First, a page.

Boeing took another huge step in the continuing evolution of the world's most recognized jetliner -- the 747 -- by launching new and more capable versions of the airplane that changed the world.
The 747-400ER (extended range) family -- available in both passenger and freighter versions -- provides the same size as current 747-400s, but offers an even more unbeatable combination of payload and range.
Launched by Qantas Airways and ILFC
With Qantas Airways' order in November 2000 for six of these new, longer-range jumbo jets, the 747-400ER was launched into production, and entered service in November 2002.
Boeing launched the 747-400ER Freighter in April 2001 -- with an order from International Lease Finance Corporation (ILFC) for five freighter airplanes, the first of which entered service in October 2002. The 747-400ER is the Boeing answer to customer demand for a more capable 747-400 that has new features and is easy to integrate into existing fleets. The 747-400ER family has an increased takeoff weight of 910,000 pounds (412,770 kg). This takeoff weight increase of 35,000 pounds (15,876 kg) over existing 747-400s allows operators to fly about 410 nautical miles (760 km) farther or carry up to 15,000 pounds (6,800 kg) more payload, either in the form of extra cargo or a full load of 416 passengers.
The 747-400ER passenger airplane has a range of 7,670 nautical miles (14,205 km). This version also is available as a freighter and could be developed into a Combi airplane, with passenger seating in the forward section and cargo in the aft main deck.
Passenger Version Has New Boeing Signature Interior
The 747-400ER cabin is distinguished by a new curved, upswept architecture known as the Boeing Signature Interior. Not only does this modern look provide a more spacious and pleasing appearance, the installation of 777-style overhead "pivot" bins increases stowage. Passengers will also appreciate the lavatory enhancements found in the new interior.
Overall, 747-400ER passengers enjoy 15 percent more volume for carry-on items, including roll-aboard bags, laptop computers and other luggage. The new bins have been thoughtfully designed so as to accommodate over 30 percent more roll-aboard bags. The upper deck of the 747-400ER has a dramatic increase in stowage volume, with passengers gaining more than 100 percent more space for carry-on bags.
Standard on the 747-400ER and optional on the 747-400 is the Boeing Signature Interior. Boeing is also offering retrofit packages that would allow the 622 747-400s in service today as passenger airplanes to incorporate the new interior.
Freighter Version: Flies Farther and Carries More
With the lowest operating cost per ton-mile in the industry, the 747-400ER Freighter improves on what is already the most capable cargo transport in the industry.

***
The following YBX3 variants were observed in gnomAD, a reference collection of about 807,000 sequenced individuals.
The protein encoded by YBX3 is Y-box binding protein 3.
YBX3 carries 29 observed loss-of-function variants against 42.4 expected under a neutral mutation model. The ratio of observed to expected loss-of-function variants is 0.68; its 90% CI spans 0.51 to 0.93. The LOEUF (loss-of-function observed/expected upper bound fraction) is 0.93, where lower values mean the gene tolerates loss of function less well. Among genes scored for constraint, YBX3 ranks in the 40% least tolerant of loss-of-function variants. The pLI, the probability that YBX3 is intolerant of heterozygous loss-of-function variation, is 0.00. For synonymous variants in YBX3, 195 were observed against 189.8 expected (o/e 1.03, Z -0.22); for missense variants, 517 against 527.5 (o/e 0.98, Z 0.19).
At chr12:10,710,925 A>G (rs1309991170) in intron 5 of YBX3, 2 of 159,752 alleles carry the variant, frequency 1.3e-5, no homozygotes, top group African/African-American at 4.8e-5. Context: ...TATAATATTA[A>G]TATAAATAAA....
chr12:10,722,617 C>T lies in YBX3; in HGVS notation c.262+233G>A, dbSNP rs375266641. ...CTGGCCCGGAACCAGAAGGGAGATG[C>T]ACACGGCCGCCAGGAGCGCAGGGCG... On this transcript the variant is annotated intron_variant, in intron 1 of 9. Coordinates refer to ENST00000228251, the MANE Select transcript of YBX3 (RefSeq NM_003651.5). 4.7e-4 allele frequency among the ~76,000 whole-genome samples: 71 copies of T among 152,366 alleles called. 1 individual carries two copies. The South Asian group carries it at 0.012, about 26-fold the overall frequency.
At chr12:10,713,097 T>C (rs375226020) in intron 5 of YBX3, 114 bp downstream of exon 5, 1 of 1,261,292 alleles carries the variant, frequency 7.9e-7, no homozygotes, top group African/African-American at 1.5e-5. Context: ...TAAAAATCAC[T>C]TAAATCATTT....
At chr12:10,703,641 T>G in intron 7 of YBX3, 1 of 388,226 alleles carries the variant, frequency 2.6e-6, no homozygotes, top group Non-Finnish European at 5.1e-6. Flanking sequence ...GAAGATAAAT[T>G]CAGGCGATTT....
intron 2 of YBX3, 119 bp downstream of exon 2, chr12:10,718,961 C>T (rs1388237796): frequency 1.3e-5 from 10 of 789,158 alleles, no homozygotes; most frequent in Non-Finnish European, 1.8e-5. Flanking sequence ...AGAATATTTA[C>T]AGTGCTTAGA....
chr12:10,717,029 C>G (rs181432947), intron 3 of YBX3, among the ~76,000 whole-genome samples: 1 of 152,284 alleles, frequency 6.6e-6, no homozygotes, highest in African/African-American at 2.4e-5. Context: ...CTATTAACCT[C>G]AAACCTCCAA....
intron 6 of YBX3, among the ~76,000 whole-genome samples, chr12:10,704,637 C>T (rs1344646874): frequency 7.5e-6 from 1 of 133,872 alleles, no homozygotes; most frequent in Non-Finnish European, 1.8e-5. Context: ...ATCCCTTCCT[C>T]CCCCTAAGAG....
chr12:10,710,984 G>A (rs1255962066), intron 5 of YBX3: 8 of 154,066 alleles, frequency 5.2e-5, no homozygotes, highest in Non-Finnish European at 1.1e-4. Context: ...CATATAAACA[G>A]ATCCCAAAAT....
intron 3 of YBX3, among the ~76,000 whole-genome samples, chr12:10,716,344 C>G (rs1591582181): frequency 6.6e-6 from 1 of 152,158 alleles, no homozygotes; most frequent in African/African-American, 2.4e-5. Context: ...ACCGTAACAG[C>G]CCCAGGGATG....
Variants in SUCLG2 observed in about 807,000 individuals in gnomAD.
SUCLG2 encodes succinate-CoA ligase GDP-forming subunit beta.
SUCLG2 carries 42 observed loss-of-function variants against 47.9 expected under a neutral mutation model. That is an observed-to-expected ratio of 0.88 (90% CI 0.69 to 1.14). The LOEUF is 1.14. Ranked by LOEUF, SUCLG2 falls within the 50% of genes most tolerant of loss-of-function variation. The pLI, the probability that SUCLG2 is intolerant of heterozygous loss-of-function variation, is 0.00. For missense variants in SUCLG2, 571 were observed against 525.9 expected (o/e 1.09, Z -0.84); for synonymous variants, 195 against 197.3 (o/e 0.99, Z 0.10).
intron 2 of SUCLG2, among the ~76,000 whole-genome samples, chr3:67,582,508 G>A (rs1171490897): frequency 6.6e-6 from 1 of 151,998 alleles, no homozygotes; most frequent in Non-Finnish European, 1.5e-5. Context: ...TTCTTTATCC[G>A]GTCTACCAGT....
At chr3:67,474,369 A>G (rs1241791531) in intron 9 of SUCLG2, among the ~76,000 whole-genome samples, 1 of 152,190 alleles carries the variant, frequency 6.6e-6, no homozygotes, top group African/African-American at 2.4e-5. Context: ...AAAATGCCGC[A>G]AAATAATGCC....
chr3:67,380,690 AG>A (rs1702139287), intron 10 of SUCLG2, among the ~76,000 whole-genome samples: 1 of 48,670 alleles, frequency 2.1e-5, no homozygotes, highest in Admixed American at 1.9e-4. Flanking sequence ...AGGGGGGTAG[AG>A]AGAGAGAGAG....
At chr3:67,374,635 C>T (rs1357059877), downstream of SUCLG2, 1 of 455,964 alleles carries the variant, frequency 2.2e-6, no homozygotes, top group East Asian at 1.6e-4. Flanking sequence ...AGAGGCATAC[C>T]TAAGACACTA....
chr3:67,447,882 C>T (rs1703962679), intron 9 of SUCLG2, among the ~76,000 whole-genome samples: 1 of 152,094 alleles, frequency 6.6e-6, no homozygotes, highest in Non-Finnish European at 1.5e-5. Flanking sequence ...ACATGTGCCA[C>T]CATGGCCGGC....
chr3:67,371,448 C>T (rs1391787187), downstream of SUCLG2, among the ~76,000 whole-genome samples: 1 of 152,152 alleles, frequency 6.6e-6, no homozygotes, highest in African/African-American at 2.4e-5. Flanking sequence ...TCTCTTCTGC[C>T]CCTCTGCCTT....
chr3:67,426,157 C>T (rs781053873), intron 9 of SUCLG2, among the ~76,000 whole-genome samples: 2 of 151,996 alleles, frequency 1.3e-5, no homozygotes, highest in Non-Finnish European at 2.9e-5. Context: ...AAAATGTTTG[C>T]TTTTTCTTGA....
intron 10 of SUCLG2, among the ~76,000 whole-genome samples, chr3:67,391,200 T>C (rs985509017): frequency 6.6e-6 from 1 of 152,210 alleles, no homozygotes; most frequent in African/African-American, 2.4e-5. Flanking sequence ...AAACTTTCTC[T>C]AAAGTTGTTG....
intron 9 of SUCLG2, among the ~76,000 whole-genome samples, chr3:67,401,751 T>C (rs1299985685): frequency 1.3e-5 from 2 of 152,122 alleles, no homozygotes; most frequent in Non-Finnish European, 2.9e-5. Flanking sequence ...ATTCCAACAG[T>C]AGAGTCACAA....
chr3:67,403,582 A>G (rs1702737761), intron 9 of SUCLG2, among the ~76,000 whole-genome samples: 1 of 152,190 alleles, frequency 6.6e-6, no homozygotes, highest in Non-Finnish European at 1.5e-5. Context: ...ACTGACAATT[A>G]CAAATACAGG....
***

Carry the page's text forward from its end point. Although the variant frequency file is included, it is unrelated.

The 747-400ER Freighter has a maximum takeoff weight of 910,000 pounds (412,770 kg). This takeoff weight increase over existing 747-400 Freighters allows the 747-400ER Freighter to fly an additional 525 nautical miles (972 km). Or, it can carry an additional 22,000 pounds (9,980 kg) of payload on long-range flights at maximum takeoff weight.
747-400 Freighters can carry twice as much cargo, twice as far, as the competitor's leading freighter. Along with earlier versions, 747 Freighters -- about 250 in all -- carry nearly half the world's freighter air cargo.
Comparisons to Baseline 747-400
The 747-400ER airplanes, both passenger and freighter, have the same familiar shape as the baseline 747-400.
The passenger version also has an auxiliary fuel tank (and a second optional auxiliary tank) located in the lower lobe's forward cargo compartment.
To support the 35,000 pounds (15,876 kg) of additional takeoff weight capability, both 747-400ERs incorporate strengthened fuselage, landing gear, and parts of the wing, along with new, larger tires.
The extended-range airplanes have the same advanced flight deck as the baseline 747-400, but have introduced enhancements that are used on all 747s, such as new, more reliable Liquid Crystal Displays (LCDs) and cockpit noise reductions
From an operations and maintenance perspective, the 747-400ER airplanes are virtually identical, using the same spare parts pool and sharing the same type rating for pilots.
To date, five customers have ordered 38 of the 747-400ERs -- in both passenger and freighter versions.
An Eye Toward the Future
The 747's future is as bright as its past is legendary. In November 2005, Boeing launched the next-generation 747, called the 747-8, with Cargolux and Nippon Cargo Airlines. The 747-8 family includes the 747-8 Intercontinental passenger airplane and the 747-8 Freighter.
The 747-8 combines even greater capacity with 787 engine technology -- the most advanced commercial airplane propulsion technology in the world -- for quieter airplanes that produce lower emissions, achieve better fuel economy than any competing jetliner, and fly faster -- at .86 Mach -- than any other jetliner. The 747-8 Intercontinental is the only jetliner in the 400- to 500-seat market. Airlines benefit from the lowest operating costs and best economics of any large passenger or freighter airplane.